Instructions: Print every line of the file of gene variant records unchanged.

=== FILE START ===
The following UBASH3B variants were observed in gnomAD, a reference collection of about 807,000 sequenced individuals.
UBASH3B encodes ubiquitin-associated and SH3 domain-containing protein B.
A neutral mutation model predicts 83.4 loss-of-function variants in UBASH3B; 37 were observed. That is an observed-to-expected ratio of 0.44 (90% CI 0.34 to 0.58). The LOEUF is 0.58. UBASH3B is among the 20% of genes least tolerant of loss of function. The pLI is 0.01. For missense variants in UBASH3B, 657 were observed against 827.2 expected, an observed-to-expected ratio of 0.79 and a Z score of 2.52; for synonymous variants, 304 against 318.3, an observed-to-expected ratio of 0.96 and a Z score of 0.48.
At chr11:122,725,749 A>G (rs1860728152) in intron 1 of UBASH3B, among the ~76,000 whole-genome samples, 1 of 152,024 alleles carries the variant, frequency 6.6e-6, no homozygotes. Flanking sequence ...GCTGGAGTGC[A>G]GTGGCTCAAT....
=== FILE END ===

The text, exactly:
The following UBASH3B variants were observed in gnomAD, a reference collection of about 807,000 sequenced individuals.
UBASH3B encodes ubiquitin-associated and SH3 domain-containing protein B.
A neutral mutation model predicts 83.4 loss-of-function variants in UBASH3B; 37 were observed. That is an observed-to-expected ratio of 0.44 (90% CI 0.34 to 0.58). The LOEUF is 0.58. UBASH3B is among the 20% of genes least tolerant of loss of function. The pLI is 0.01. For missense variants in UBASH3B, 657 were observed against 827.2 expected, an observed-to-expected ratio of 0.79 and a Z score of 2.52; for synonymous variants, 304 against 318.3, an observed-to-expected ratio of 0.96 and a Z score of 0.48.
At chr11:122,725,749 A>G (rs1860728152) in intron 1 of UBASH3B, among the ~76,000 whole-genome samples, 1 of 152,024 alleles carries the variant, frequency 6.6e-6, no homozygotes. Flanking sequence ...GCTGGAGTGC[A>G]GTGGCTCAAT....